2) Your irregular work schedule and how that would impact on your availability to be present at and participate with, in-home medical/therapeutic appointments, which would be for a minimum of five hours per week. These therapies would include but are not limited to, two hours of Occupational Therapy; two hours of Physical Therapy and one hour of Developmental Intervention.

3) The absence of an identified and reliable back-up person that would need to be trained (as would you), and who would be available in your absence.

Henrietta did not appeal this determination.

At the guardianship trial, Henrietta testified she terminated the home study to give herself more time. She acknowledged she was aware of the deadlines and the impending trial. She also conceded she had failed to appeal the non-placement letter.

Henrietta stated the Division had apprised her of Regina's special needs. However, she believed the Division had exaggerated the extent of Regina's medical issues and might also be overstating the level of services the child required. Significantly, Henrietta has no medical training and her opinion was based on the five or six visits she had with Regina in 2011.

Henrietta works forty-hours per week, but has no fixed schedule. She will not be home to be present or participate in the child's therapy sessions. Henrietta's back up plan would be for her own daughter to care for Regina in her absence, even though the daughter attended college and worked part-time. Henrietta admitted she still left Kate unsupervised in Ellen's care because she no longer believed Ellen was using drugs.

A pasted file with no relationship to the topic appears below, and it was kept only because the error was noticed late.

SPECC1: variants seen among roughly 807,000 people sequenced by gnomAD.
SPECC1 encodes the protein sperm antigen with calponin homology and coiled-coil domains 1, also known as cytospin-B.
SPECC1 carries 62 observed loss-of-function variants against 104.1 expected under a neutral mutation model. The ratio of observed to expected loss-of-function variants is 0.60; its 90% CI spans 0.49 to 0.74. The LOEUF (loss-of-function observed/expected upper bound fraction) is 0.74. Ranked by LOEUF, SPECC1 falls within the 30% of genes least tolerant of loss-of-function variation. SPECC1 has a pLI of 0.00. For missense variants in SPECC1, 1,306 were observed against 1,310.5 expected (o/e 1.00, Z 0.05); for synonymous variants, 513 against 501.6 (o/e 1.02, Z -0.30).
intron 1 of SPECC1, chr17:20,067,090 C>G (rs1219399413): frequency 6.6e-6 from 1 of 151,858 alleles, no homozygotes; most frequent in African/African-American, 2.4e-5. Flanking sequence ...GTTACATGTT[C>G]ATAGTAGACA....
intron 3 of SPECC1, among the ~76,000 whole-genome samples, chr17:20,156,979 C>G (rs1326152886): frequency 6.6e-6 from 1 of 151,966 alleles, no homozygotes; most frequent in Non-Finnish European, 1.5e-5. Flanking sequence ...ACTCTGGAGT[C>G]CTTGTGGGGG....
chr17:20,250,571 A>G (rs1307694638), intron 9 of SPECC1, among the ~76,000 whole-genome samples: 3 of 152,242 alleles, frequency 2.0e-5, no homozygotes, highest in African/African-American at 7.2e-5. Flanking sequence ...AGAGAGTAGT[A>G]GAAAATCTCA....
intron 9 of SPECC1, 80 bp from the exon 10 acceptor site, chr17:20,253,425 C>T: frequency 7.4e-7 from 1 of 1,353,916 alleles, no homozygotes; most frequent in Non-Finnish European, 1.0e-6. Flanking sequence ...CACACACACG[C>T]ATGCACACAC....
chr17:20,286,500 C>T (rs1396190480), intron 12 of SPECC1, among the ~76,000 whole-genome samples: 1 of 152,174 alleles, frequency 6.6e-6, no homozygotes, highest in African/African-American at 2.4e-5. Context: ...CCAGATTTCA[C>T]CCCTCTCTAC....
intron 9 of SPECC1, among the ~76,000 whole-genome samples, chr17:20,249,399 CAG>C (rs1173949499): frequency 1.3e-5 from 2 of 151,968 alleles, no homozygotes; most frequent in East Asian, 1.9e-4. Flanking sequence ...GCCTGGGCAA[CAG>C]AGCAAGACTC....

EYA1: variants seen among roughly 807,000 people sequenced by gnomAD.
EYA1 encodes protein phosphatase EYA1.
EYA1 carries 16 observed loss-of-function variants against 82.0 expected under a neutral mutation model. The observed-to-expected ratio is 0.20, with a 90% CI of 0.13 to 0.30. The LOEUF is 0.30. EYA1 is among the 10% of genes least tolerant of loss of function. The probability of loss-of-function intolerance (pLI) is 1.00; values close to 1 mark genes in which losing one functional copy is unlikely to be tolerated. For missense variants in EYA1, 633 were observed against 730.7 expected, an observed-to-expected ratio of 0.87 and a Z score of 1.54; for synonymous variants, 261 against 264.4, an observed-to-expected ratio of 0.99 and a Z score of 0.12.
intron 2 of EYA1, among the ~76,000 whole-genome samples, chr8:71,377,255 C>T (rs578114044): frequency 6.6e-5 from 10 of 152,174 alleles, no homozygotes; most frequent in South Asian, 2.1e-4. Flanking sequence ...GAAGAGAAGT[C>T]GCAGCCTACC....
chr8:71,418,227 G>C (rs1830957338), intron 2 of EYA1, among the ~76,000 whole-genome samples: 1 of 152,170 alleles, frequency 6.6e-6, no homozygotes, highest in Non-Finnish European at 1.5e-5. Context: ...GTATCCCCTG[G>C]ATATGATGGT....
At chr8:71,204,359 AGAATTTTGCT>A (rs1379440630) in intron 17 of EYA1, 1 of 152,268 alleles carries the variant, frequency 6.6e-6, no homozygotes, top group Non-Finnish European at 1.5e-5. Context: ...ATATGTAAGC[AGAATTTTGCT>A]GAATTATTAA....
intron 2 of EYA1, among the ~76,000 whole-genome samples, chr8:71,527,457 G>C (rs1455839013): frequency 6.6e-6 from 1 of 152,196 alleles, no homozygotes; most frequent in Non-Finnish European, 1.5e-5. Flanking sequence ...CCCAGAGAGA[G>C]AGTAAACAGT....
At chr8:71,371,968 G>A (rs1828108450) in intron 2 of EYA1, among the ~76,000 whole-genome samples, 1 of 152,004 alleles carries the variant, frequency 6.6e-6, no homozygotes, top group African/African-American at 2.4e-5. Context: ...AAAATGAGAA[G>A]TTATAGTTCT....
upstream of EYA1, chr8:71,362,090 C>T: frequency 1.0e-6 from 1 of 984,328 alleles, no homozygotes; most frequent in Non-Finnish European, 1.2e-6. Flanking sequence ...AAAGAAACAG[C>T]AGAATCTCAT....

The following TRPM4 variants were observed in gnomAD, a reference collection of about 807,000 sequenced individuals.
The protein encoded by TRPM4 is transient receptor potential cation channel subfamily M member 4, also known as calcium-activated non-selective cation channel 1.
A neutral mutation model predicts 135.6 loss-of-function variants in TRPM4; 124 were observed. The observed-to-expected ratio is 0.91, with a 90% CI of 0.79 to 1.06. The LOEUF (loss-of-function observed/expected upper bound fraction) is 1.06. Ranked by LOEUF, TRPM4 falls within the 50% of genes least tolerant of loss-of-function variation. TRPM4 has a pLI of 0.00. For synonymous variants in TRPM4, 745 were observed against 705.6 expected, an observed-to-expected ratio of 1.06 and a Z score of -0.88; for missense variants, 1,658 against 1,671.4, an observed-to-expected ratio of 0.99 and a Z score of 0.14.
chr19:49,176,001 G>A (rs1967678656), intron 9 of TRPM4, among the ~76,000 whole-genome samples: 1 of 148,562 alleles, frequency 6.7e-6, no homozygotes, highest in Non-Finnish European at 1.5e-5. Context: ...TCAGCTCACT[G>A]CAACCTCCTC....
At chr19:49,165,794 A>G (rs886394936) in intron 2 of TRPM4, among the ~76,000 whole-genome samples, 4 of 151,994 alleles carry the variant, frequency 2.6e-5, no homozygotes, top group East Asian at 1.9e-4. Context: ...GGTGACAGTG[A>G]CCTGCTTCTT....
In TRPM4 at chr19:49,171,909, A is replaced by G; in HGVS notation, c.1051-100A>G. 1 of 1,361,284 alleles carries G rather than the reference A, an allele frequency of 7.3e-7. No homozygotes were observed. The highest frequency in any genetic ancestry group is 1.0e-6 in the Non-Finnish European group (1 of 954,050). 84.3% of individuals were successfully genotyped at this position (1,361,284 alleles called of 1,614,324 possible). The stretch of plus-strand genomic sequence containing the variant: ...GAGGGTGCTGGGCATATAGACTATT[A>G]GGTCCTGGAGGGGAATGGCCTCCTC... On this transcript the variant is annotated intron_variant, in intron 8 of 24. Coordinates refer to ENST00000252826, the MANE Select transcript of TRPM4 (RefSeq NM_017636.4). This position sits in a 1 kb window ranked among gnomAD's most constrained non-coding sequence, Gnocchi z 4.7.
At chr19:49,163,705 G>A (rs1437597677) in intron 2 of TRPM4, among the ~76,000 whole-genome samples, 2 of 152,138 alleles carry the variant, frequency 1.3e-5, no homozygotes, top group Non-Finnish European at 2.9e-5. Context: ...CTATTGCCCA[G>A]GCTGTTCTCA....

Based upon the evidence presented at trial, Judge Furnari found the Division had demonstrated by clear and convincing evidence that Regina's safety, health and development had been and will continue to be endangered by the parental relationship with Juan and Ellen and that neither parent was willing or able to eliminate the harm facing Regina.

Judge Furnari also found the Division had met the third prong of the statutory test and held it had thoroughly considered and properly rejected Henrietta as a possible placement for Regina. The judge noted that Henrietta had abruptly cancelled the home study, rather than comply with the Division's reasonable requests for documentation concerning her medical status and her ability to care for a medically fragile child. He also found support for the Division's determination that Henrietta would not be able to meet all of the child's needs. Henrietta works full-time, with no set hours, and would not be available to provide the in-home therapy Regina requires. The judge further found Henrietta had no viable back-up plan since it was unrealistic to expect that her daughter in college could take on this responsibility if needed.